Houghton County Poor House
|Houghton County Poor House|
|Building Style||Single Building|
Since the 1870s, the county funded a poor house and a 100-acre farm to provide for the basic needs of its people when they had nowhere else to go. It was meant to be as self sufficient as possible, and indeed the poor house and its farm was a model institution in its early years. Those who could work did, and those who could not enjoyed the view of Portage Lake. Men and women had separate quarters and had roles at the poor house in accordance with their gender and the times: men would work in the fields, or find a place in the blacksmith shop, machine shop, or stables, while women had sewing rooms and would prepare food.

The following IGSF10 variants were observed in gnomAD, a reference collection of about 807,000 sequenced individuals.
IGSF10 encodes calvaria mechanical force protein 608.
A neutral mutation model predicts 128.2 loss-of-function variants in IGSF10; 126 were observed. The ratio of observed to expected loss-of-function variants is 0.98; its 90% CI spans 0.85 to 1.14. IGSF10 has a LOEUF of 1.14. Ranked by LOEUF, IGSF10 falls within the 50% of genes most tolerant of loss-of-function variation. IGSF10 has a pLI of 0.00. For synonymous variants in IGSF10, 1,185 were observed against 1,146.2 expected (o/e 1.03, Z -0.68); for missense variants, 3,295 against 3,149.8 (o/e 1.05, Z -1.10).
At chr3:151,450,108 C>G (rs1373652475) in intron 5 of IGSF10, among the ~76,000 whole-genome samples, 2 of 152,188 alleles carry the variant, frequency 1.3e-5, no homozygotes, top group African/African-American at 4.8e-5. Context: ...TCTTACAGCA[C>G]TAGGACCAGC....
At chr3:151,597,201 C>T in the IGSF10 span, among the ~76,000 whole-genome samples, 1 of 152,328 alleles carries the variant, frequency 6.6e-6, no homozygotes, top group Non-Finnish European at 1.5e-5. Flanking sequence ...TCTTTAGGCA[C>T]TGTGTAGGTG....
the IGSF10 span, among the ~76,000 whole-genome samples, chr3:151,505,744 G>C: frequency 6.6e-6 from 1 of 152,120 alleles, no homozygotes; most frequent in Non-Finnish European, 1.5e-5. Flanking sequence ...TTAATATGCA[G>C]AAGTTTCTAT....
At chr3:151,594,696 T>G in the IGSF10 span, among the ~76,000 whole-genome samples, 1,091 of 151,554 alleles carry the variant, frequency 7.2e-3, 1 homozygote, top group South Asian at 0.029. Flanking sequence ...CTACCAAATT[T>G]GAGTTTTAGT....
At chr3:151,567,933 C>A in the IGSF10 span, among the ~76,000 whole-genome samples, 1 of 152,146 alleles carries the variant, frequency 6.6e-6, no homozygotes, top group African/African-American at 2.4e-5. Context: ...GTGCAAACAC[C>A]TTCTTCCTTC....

The farm, as of 1910, supported 43 hogs, about 50 cows, and 200 chickens. It was more than adequate to feed the ‘inmates’, as they were called, whose population ranged from about 25 to 150 in normal years. Most of the elderly residents of the poor farm were able to leave following Michigan’s Public Act 280 of 1939, which directed counties to care for the aging regardless of cost. These state funds helped many of the former residents find better housing; those who wanted to move into other facilities usually could. Still, some had come to think of the old farm as their home. After a visit from a food inspector in 1953, the farm was shut down—the following year saw all the farm buildings torn down. By the time the poor farm was shut down in 1968, it was home to a handful of patients with chronic illnesses and better known as an infirmary than a refuge.